There are no less than a million exercises out there from which to choose. All promise “something”. Some just get you tired, like poorly performed burpees, but some, like those I'll be looking at over the next few weeks, really do deliver the goods like improving your ability to run better and reduce injury risk. While the Clock Squat is not an exercise that will get one crazy strong like the Deadlift or Barbell Back Squat, it offers incredible value for runners or anyone who wants to improve their balance and movement efficiency. Make no mistake, if you do the clock squat well, it WILL initially leave you nearly as sore as a your first ever heavy set of walking lunges.
What I've observed, though, is that most people don't possess good enough balance to access the ranges of motion that would load the muscles enough to create said soreness.
You need more than just strength to run well. You need CONTROL. Specifically, you need to be able to control your body in 3 planes of motion while on one foot.
Here's my demonstration of the clock squat. And it's different than 99% of the “clock squat” videos out there for two big reasons...
First, notice that my upper body doesn't just face straight ahead.
For example, while standing on my left foot and reaching towards 4 o'clock (0:45 on video), I open my pelvis and turn towards the clock point to which I'm reaching. In fact, I do something that would make the average movement pro cringe: I allow my foot to pronate (roll inward) which causes my knee to roll inward as well.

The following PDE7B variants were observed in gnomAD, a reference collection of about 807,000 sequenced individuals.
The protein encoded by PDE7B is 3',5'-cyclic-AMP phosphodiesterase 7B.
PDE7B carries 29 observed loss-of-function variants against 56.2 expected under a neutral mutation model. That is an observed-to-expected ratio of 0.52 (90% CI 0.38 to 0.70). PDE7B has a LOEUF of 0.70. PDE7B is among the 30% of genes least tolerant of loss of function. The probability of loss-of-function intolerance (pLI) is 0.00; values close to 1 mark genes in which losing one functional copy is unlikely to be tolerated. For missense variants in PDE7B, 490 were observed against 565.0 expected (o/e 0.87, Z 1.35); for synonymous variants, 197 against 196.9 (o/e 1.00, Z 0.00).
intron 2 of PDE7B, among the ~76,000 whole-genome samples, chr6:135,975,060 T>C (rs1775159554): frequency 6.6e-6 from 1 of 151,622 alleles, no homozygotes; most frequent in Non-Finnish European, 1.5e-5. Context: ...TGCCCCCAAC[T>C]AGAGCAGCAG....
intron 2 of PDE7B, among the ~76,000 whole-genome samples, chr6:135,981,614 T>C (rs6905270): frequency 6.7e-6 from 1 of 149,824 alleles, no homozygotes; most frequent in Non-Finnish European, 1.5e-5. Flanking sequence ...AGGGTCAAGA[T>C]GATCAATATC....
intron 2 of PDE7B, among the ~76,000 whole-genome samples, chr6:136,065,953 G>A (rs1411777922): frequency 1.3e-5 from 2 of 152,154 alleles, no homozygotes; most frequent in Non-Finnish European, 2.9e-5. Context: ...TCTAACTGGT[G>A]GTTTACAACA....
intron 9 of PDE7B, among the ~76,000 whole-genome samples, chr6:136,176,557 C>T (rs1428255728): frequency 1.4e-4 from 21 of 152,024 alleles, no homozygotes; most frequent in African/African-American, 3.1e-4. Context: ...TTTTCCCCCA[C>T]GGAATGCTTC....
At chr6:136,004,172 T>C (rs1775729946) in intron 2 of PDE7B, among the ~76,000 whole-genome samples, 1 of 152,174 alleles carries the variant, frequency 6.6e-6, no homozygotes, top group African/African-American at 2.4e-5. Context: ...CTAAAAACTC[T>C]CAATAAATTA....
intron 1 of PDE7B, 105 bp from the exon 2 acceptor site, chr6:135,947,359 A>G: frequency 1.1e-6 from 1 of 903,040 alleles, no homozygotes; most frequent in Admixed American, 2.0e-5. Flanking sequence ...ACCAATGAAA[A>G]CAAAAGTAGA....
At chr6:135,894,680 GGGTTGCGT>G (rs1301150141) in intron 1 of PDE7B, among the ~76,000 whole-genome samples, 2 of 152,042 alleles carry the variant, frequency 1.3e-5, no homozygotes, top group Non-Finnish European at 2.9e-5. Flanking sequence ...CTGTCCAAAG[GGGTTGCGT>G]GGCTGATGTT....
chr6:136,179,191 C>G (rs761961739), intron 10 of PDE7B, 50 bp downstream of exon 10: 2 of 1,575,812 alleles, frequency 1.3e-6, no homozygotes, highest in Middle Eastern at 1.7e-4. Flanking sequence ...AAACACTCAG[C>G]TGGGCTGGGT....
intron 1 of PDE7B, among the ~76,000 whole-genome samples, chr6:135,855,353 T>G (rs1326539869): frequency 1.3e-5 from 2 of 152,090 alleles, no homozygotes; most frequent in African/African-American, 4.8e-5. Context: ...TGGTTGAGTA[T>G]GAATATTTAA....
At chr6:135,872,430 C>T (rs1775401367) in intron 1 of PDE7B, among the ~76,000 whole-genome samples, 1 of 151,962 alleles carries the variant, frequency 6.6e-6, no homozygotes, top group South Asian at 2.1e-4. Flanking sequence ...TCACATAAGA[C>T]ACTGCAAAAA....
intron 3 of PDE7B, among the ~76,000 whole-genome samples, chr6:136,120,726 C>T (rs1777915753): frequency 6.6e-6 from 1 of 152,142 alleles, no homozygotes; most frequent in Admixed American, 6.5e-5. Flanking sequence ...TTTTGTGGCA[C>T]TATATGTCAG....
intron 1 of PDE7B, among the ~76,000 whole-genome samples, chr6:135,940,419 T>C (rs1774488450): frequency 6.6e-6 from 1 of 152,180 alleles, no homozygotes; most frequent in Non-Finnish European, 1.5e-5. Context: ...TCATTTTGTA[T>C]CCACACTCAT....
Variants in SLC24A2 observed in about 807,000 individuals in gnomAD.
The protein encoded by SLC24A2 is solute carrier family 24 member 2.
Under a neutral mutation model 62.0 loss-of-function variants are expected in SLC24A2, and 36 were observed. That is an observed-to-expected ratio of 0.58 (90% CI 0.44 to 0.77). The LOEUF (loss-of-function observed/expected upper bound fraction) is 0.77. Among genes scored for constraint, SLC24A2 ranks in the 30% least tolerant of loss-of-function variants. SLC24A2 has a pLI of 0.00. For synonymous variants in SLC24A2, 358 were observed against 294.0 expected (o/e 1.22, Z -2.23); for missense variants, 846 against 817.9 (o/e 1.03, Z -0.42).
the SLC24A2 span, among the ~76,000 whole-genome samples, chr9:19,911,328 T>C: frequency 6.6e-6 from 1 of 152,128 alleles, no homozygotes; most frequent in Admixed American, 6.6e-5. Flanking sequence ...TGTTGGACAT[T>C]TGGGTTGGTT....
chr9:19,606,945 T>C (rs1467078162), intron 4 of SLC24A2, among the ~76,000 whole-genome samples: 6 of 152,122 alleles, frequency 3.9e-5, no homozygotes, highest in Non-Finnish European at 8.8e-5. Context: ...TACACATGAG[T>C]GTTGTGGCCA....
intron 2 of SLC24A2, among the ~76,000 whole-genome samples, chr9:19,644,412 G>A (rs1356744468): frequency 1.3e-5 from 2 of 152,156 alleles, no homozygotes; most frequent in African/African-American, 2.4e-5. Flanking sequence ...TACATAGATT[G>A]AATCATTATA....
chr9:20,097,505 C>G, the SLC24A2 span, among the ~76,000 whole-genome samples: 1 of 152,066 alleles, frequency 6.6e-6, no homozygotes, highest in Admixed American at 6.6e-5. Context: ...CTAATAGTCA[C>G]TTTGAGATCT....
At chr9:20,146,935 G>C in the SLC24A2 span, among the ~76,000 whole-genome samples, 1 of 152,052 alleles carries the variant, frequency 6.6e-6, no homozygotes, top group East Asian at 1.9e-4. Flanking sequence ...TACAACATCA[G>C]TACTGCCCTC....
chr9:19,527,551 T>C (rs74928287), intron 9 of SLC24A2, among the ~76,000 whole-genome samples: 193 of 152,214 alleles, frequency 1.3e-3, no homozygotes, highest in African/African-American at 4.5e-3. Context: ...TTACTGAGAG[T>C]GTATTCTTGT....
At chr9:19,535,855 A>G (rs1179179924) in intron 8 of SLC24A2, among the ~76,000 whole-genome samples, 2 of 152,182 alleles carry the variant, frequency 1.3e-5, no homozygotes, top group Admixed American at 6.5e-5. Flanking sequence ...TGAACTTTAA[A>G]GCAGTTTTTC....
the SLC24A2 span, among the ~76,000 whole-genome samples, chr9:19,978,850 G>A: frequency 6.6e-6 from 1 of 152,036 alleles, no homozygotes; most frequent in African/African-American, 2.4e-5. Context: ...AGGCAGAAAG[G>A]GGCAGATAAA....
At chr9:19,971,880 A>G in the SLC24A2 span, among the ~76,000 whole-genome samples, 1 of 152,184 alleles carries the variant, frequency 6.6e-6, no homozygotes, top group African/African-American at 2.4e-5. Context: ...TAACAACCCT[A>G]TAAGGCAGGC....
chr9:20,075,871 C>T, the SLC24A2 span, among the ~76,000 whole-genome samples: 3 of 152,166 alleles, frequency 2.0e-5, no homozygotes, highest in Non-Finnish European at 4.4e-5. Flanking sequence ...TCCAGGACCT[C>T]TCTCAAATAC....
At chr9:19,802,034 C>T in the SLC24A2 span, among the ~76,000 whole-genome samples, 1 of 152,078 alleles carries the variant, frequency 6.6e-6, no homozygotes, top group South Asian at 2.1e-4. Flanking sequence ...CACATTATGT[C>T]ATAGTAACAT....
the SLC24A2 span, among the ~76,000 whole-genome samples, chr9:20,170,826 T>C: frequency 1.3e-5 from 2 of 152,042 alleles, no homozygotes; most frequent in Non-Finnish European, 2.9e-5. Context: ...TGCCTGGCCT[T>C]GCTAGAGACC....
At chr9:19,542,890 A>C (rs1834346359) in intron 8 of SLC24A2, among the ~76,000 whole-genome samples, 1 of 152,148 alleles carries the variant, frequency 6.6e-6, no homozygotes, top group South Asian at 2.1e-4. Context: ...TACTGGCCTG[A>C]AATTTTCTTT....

Full-on rant saved for another day, but just trust that we should explore this motion – as long as it's in a slow/controlled manner and the foot is flat.
Secondly, my upper body generally leans to the opposite number on the clock.
Typically folks will stick their butt out when they squat. While this is cool normally, in the clock squat we're interested in loading the muscles all around the pelvis. Sticking the butt out will only load the muscles of the back of the hips.
In order to load the muscles in the front of the hips, you'll need to do the opposite of sticking your butt out: tuck your tail, press hips forward, and lean back slightly. The farther you reach, the more exaggerated this becomes.
Doing mindless reps of clock squats won't do anything for you. Instead, the goal is to master the movement. Do this SLOWLY and make sure you are in control of every inch before attempting to reach farther.
- Is your whole foot on the ground?
- Can you do this without holding your breath?
- Which numbers do you struggle to control or 'figure out'?
Once you can maintain control, definitely challenge yourself to reach farther – but there's a fine line. In fact, there's an invisible fence around you. Inside the fence you are safe and stable. Outside the fence you wobble and have to catch yourself. The secret to the clock squat is to play on or very near to the fence, reaching out to the limit, yet not blasting through it so quickly that you have no sense for where it lies.
Happy exploring! Questions on this one? Not sure if you're doing it right? Just send me a message!
*Special acknowledgement to Gary Ward of Anatomy in Motion for the inspiration for this post.